Why would Stephen Harper want to revisit the 2010 G8 Summit?
That’s the one where he welcomed fellow world leaders in Muskoka, in Ontario’s cottage country. What a headache. Before the summit, millions of taxpayer dollars were shovelled into the region with lax oversight. “Rules were broken,” the interim auditor general, John Wiersema, said later. The Muskoka summit preceded a Toronto G20 summit that was marred by riots and police strong-arm tactics. The week’s main announcement, a global Muskoka Initiative aimed at reducing mother and infant mortality in the world’s poorest countries, carried a $7.3-billion price tag but received little coverage in Canada except as an example of Harper’s refusal to include funding for abortions in developing countries.
Yet Harper is returning in a big way to the global-poverty issues he addressed at Muskoka. From May 28 to May 30, the federal government will host a high-level summit on maternal, newborn and child health in Toronto. Under the title “Saving every woman, every child: within arm’s reach,” it will attract specialists and public figures, including United Nations Secretary-General Ban Ki-moon; Margaret Chan, director-general of the World Health Organization; and Melinda Gates, co-chair of the Bill and Melinda Gates Foundation.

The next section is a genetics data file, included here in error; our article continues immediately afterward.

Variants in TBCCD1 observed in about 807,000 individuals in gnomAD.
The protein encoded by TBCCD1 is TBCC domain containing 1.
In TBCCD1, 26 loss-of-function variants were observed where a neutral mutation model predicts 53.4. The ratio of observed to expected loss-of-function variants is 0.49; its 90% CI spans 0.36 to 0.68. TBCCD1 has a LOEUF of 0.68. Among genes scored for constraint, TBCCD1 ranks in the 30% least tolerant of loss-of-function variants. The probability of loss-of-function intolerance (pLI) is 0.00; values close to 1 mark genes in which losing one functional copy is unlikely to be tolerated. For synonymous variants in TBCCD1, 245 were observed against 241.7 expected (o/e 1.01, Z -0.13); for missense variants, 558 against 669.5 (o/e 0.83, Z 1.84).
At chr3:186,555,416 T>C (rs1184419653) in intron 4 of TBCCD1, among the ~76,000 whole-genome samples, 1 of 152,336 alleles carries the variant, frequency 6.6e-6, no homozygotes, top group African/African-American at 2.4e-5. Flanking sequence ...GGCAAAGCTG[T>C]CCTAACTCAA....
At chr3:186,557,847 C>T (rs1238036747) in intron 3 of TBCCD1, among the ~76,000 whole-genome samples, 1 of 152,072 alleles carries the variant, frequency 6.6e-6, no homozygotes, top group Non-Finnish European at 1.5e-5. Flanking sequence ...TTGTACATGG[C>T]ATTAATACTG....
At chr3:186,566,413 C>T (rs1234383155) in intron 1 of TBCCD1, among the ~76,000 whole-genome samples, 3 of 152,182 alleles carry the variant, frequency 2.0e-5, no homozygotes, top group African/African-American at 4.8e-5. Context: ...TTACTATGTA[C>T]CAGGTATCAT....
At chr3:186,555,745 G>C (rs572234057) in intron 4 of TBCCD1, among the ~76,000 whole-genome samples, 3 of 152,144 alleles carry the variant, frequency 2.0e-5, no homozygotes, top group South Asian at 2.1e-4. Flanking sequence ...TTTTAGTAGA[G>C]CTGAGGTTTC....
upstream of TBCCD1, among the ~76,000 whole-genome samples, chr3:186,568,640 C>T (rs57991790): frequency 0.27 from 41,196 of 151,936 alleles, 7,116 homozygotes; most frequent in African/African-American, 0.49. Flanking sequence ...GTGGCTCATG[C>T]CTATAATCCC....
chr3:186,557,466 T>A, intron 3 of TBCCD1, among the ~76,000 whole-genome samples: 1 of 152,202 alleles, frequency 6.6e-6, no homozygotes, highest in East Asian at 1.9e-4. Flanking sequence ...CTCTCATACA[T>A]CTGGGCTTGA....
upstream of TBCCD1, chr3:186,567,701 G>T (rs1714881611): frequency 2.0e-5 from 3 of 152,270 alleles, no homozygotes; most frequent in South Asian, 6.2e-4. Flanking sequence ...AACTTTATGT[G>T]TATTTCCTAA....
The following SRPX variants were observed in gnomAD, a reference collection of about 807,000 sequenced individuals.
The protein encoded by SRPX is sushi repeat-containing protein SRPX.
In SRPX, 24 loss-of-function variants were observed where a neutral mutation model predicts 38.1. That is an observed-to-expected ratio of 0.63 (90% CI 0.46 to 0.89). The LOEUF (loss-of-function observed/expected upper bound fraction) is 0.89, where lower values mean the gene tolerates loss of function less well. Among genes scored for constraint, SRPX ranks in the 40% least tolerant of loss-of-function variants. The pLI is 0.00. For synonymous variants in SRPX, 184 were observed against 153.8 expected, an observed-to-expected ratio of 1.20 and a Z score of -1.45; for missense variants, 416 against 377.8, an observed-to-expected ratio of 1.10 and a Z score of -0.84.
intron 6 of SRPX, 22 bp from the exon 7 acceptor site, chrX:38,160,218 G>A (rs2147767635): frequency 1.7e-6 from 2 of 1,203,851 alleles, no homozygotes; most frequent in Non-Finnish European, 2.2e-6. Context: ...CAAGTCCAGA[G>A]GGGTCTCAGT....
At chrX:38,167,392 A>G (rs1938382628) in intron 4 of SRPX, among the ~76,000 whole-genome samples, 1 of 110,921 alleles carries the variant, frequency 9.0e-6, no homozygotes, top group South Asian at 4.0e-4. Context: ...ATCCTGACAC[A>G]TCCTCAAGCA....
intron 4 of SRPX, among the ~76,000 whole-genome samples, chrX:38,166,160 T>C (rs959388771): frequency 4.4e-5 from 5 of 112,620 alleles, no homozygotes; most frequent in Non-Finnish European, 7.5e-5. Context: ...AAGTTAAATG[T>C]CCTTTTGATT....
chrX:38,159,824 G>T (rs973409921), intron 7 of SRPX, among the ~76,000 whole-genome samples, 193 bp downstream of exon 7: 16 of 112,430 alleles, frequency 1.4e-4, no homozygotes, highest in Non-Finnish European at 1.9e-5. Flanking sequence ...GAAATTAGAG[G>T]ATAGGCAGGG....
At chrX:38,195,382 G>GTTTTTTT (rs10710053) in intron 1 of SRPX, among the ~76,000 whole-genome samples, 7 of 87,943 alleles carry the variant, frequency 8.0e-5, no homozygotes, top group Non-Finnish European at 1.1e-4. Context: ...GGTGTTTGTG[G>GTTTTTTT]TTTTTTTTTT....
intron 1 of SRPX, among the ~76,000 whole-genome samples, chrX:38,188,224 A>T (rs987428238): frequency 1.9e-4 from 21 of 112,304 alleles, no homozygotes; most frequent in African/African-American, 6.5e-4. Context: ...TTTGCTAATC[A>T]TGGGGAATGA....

Life in Ottawa instills certain reflexes. I admit that when I learned about the Toronto summit—via a tweet from Laureen Harper—my reactions, in more or less this order, were: (1) scandal-plagued PM needs a distraction; (2) cheap PR stunt; (3) here’s another play to the PM’s social-conservative base.
I was not alone in these assumptions. I emailed a university prof who does work on Canada’s role in the developing world; she wrote back, “I suspect this looks good for Harper as part of his campaigning strategy (motherhood and apple pie). I heard someone make an astute point the other day about how the Christian-right NGOs were behind the promotion of the maternal health program that Harper introduced at Muskoka. Would be interesting to learn more about who in Canada was encouraging Harper to take this program on, and how the [maternal] health program has been shaped to appeal to the Christian right.”